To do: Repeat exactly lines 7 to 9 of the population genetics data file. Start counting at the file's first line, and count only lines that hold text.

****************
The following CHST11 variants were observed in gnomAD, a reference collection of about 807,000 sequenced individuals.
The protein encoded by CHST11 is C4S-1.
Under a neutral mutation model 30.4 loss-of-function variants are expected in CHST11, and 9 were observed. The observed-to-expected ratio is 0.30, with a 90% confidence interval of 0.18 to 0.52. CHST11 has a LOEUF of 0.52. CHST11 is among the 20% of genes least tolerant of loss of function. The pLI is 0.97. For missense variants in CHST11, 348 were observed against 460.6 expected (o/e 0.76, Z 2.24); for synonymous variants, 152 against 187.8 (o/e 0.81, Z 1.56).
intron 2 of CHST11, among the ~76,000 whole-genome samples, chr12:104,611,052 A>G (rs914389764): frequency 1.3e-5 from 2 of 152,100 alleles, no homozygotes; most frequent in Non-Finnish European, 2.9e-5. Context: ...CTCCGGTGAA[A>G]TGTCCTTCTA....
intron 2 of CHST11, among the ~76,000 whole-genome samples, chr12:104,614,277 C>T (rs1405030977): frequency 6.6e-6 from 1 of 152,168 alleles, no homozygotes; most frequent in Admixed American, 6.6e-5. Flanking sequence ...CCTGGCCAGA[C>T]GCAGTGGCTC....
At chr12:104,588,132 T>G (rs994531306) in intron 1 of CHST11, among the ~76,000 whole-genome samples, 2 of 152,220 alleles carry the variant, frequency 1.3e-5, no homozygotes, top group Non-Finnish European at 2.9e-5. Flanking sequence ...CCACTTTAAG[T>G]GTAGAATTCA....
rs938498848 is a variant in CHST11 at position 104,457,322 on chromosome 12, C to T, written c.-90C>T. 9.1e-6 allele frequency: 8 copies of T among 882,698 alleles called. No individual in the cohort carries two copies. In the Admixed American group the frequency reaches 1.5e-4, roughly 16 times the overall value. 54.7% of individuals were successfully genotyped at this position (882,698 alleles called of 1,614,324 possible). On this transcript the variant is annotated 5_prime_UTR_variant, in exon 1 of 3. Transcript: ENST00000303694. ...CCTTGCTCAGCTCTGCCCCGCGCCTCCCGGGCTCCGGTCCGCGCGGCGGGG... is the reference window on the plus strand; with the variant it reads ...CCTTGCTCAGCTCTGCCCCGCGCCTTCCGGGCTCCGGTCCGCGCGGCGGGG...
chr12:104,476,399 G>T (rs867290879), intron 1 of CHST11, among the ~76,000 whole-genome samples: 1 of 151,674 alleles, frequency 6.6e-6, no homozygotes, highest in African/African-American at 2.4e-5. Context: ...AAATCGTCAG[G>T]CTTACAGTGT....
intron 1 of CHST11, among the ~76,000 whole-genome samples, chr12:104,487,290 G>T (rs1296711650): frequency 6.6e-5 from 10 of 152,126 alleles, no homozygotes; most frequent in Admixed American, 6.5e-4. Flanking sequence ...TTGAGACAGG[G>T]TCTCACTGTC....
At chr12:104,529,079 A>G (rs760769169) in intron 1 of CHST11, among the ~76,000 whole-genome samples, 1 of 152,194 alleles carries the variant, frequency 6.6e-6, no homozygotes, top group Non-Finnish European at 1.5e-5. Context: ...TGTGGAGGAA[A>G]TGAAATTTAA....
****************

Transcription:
rs938498848 is a variant in CHST11 at position 104,457,322 on chromosome 12, C to T, written c.-90C>T. 9.1e-6 allele frequency: 8 copies of T among 882,698 alleles called. No individual in the cohort carries two copies. In the Admixed American group the frequency reaches 1.5e-4, roughly 16 times the overall value. 54.7% of individuals were successfully genotyped at this position (882,698 alleles called of 1,614,324 possible). On this transcript the variant is annotated 5_prime_UTR_variant, in exon 1 of 3. Transcript: ENST00000303694. ...CCTTGCTCAGCTCTGCCCCGCGCCTCCCGGGCTCCGGTCCGCGCGGCGGGG... is the reference window on the plus strand; with the variant it reads ...CCTTGCTCAGCTCTGCCCCGCGCCTTCCGGGCTCCGGTCCGCGCGGCGGGG...
chr12:104,476,399 G>T (rs867290879), intron 1 of CHST11, among the ~76,000 whole-genome samples: 1 of 151,674 alleles, frequency 6.6e-6, no homozygotes, highest in African/African-American at 2.4e-5. Context: ...AAATCGTCAG[G>T]CTTACAGTGT....
intron 1 of CHST11, among the ~76,000 whole-genome samples, chr12:104,487,290 G>T (rs1296711650): frequency 6.6e-5 from 10 of 152,126 alleles, no homozygotes; most frequent in Admixed American, 6.5e-4. Flanking sequence ...TTGAGACAGG[G>T]TCTCACTGTC....